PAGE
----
Whisper the word pancreatitis and you may send shivers down the spine of many veterinarians. Sure, we diagnose and treat it with fair regularity, but any vet who has been in practice for a few years likely has a memory of a pancreatitis patient that is the source of recurrent nightmares.

You may remember that the pancreas has 2 big functions. As the owner of a diabetic pet you surely know that the pancreas is the organ that makes insulin, the hormone needed for the body to utilize sugar. Additionally, the pancreas has another very important function of digestion: It produces enzymes that help us digest the food we eat.

Pancreatitis is a very different disease in dogs than it is in cats. Though the process is the same (inflammation of the pancreas, leakage of digestive enzymes into the abdomen which causes pain and nausea), the presentation and inciting causes can be quite different. Dogs often present after a dietary indiscretion or after eating a fatty meal. We often don’t identify the cause of pancreatitis for cats. Dogs often present with profuse vomiting and marked abdominal pain. Cats typically present with vague signs, oftentimes simply not eating and feeling lethargic. Dogs most commonly present in acute pancreatitis and some of these patients then smolder into a chronic pancreatitis. Cats (due to the vague clinical signs of pancreatitis in felines) often present with chronic pancreatitis, sometimes with concurrent diseases such as hepatitis and inflammatory bowel disease.

Thankfully, the diagnostic tests have improved dramatically in the last few years. Lipase and amylase are enzymes that come from the pancreas, but they also have other sources in the body. Though still not perfect diagnostics, there are new blood tests available that identify the lipase that comes specifically from the pancreas. These newer tests help not only in the diagnosis of pancreatitis but are also useful in monitoring the response to treatment. There are quantitative tests for lipase that vets can send to an outside reference laboratory, and qualitative bed-side tests that your vet can use in the vet clinic. Of course, we still utilize other diagnostic tests such as X-rays and ultrasound, complete blood counts, and chemistry profiles, but these new tests are leaps and bounds better than prior lab tests for pancreatitis.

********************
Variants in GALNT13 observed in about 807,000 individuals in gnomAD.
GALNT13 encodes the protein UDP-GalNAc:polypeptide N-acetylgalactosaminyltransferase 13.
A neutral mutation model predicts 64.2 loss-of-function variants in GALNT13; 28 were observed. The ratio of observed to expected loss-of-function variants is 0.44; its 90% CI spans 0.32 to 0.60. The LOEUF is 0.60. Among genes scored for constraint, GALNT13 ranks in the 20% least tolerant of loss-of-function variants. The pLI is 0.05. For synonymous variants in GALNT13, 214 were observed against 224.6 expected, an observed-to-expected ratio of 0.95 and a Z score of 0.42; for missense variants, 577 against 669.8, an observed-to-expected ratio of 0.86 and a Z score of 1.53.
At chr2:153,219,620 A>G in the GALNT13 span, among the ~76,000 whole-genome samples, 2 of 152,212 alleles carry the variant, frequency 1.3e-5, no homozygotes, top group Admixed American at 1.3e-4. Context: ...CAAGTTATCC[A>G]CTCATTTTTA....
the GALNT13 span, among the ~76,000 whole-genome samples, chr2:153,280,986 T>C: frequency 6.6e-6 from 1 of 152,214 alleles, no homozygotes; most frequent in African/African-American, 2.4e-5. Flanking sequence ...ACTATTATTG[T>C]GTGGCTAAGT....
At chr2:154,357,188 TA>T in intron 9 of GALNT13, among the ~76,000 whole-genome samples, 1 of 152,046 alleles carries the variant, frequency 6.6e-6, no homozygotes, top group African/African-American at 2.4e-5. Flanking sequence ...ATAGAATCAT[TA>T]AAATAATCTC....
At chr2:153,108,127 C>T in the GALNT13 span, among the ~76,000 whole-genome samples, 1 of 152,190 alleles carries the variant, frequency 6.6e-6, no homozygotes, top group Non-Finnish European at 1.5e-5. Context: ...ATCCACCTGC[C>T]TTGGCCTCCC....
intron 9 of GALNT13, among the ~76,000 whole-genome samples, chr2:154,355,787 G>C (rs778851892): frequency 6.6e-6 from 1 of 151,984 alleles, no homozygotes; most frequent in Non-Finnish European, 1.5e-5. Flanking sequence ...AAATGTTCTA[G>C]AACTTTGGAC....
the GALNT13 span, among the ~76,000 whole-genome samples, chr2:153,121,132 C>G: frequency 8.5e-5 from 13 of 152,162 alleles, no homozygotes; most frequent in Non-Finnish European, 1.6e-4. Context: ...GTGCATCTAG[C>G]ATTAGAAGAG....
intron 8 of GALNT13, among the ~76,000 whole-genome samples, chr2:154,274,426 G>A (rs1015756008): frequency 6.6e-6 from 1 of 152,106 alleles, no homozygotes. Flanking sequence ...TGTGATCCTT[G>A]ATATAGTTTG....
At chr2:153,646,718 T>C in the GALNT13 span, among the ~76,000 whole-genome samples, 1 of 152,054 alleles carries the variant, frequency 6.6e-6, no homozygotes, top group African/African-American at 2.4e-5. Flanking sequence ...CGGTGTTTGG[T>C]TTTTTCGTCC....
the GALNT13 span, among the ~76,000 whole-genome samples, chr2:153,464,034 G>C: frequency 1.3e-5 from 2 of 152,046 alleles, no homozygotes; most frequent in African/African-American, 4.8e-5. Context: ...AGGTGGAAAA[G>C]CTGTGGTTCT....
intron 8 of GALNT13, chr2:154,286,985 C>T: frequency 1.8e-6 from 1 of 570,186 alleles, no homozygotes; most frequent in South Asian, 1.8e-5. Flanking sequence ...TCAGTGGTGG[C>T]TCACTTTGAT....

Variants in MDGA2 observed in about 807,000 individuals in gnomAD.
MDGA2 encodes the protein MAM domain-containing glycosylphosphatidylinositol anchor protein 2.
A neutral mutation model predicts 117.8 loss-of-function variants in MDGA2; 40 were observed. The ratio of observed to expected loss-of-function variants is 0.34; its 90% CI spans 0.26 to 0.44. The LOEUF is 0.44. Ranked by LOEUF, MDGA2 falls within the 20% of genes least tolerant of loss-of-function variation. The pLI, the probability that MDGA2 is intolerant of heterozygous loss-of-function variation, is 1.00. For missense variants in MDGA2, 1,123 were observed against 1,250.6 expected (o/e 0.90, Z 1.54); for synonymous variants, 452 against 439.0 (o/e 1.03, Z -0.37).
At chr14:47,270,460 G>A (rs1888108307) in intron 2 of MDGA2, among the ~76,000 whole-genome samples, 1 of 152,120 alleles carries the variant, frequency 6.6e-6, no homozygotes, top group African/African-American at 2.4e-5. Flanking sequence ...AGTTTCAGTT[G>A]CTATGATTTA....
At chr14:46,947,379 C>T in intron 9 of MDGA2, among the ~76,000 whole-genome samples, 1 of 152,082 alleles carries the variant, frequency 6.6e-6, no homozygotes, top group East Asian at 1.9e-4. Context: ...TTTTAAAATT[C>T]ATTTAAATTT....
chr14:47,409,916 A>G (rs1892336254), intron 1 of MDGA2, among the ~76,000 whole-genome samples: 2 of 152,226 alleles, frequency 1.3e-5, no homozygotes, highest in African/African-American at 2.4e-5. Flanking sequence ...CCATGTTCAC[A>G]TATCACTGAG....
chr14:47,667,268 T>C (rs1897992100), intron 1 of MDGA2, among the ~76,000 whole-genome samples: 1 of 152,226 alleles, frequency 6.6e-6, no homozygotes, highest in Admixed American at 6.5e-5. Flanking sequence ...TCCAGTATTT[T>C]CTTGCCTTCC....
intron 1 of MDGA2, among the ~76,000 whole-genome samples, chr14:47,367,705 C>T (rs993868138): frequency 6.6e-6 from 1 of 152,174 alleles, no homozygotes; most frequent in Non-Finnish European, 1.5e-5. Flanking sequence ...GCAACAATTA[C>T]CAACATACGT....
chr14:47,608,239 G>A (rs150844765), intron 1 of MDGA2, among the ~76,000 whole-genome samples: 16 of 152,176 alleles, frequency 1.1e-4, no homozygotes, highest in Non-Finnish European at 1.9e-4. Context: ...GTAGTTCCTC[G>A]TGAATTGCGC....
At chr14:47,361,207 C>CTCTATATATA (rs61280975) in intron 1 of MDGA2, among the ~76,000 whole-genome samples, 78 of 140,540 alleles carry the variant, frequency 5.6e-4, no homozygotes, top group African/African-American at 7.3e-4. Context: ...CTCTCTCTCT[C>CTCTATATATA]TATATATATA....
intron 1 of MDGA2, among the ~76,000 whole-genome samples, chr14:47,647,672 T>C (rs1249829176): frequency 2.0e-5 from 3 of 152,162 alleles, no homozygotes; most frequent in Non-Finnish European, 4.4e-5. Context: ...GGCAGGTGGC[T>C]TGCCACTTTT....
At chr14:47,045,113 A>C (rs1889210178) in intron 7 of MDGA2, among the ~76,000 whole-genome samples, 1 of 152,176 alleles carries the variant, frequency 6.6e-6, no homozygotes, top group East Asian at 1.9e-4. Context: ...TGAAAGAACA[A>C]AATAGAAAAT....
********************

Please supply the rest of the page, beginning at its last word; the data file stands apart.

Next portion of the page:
What to expect if your pet is diagnosed with pancreatitis:

Treatment for pancreatitis is supportive care. Most pets with pancreatitis present with profound dehydration. Many also have electrolyte abnormalities. We may be battling nausea or inappetance. We must address the pain. (You can imagine the discomfort of digestive enzymes leaking into abdominal tissues.) We may hold the pet off of food and water for 1 to 2 days to let the pancreas rest, but nutrition is a critical element of treatment and survival. Feeding tubes are often needed for cats presenting with pancreatitis.

As the pancreas is the source of insulin, pets with diabetes can become transient diabetics and some may become diabetics long-term. The pancreas is an amazing and yet sometimes vexing organ.

NOTE: Consult your veterinarian to confirm that my recommendations are applicable for the health needs of your pet.